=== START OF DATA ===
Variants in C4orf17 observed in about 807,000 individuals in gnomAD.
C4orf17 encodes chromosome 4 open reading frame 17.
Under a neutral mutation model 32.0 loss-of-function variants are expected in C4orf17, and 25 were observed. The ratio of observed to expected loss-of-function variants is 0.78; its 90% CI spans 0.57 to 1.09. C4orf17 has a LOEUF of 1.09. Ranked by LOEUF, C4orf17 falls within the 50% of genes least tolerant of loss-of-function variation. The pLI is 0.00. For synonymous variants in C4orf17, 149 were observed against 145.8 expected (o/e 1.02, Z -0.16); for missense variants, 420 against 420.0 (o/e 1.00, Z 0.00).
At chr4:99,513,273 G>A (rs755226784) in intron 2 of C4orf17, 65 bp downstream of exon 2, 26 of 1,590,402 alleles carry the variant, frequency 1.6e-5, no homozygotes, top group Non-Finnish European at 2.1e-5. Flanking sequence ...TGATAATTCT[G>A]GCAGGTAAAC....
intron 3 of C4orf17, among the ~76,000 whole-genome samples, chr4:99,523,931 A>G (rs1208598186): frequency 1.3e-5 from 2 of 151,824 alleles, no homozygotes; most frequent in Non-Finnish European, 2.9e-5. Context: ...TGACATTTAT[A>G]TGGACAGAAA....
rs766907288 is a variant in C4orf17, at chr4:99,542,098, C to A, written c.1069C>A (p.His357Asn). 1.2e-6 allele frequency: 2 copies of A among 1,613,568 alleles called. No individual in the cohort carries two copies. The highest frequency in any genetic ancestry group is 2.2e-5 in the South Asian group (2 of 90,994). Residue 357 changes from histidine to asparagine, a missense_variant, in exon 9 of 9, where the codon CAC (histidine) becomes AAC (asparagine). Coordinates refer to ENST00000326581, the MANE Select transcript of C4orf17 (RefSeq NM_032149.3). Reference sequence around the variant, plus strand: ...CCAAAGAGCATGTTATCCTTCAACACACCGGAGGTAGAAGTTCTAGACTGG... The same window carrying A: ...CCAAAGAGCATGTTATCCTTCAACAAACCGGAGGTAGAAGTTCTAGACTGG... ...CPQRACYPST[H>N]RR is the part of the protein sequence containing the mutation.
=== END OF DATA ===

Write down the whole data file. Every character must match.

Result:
Variants in C4orf17 observed in about 807,000 individuals in gnomAD.
C4orf17 encodes chromosome 4 open reading frame 17.
Under a neutral mutation model 32.0 loss-of-function variants are expected in C4orf17, and 25 were observed. The ratio of observed to expected loss-of-function variants is 0.78; its 90% CI spans 0.57 to 1.09. C4orf17 has a LOEUF of 1.09. Ranked by LOEUF, C4orf17 falls within the 50% of genes least tolerant of loss-of-function variation. The pLI is 0.00. For synonymous variants in C4orf17, 149 were observed against 145.8 expected (o/e 1.02, Z -0.16); for missense variants, 420 against 420.0 (o/e 1.00, Z 0.00).
At chr4:99,513,273 G>A (rs755226784) in intron 2 of C4orf17, 65 bp downstream of exon 2, 26 of 1,590,402 alleles carry the variant, frequency 1.6e-5, no homozygotes, top group Non-Finnish European at 2.1e-5. Flanking sequence ...TGATAATTCT[G>A]GCAGGTAAAC....
intron 3 of C4orf17, among the ~76,000 whole-genome samples, chr4:99,523,931 A>G (rs1208598186): frequency 1.3e-5 from 2 of 151,824 alleles, no homozygotes; most frequent in Non-Finnish European, 2.9e-5. Context: ...TGACATTTAT[A>G]TGGACAGAAA....
rs766907288 is a variant in C4orf17, at chr4:99,542,098, C to A, written c.1069C>A (p.His357Asn). 1.2e-6 allele frequency: 2 copies of A among 1,613,568 alleles called. No individual in the cohort carries two copies. The highest frequency in any genetic ancestry group is 2.2e-5 in the South Asian group (2 of 90,994). Residue 357 changes from histidine to asparagine, a missense_variant, in exon 9 of 9, where the codon CAC (histidine) becomes AAC (asparagine). Coordinates refer to ENST00000326581, the MANE Select transcript of C4orf17 (RefSeq NM_032149.3). Reference sequence around the variant, plus strand: ...CCAAAGAGCATGTTATCCTTCAACACACCGGAGGTAGAAGTTCTAGACTGG... The same window carrying A: ...CCAAAGAGCATGTTATCCTTCAACAAACCGGAGGTAGAAGTTCTAGACTGG... ...CPQRACYPST[H>N]RR is the part of the protein sequence containing the mutation.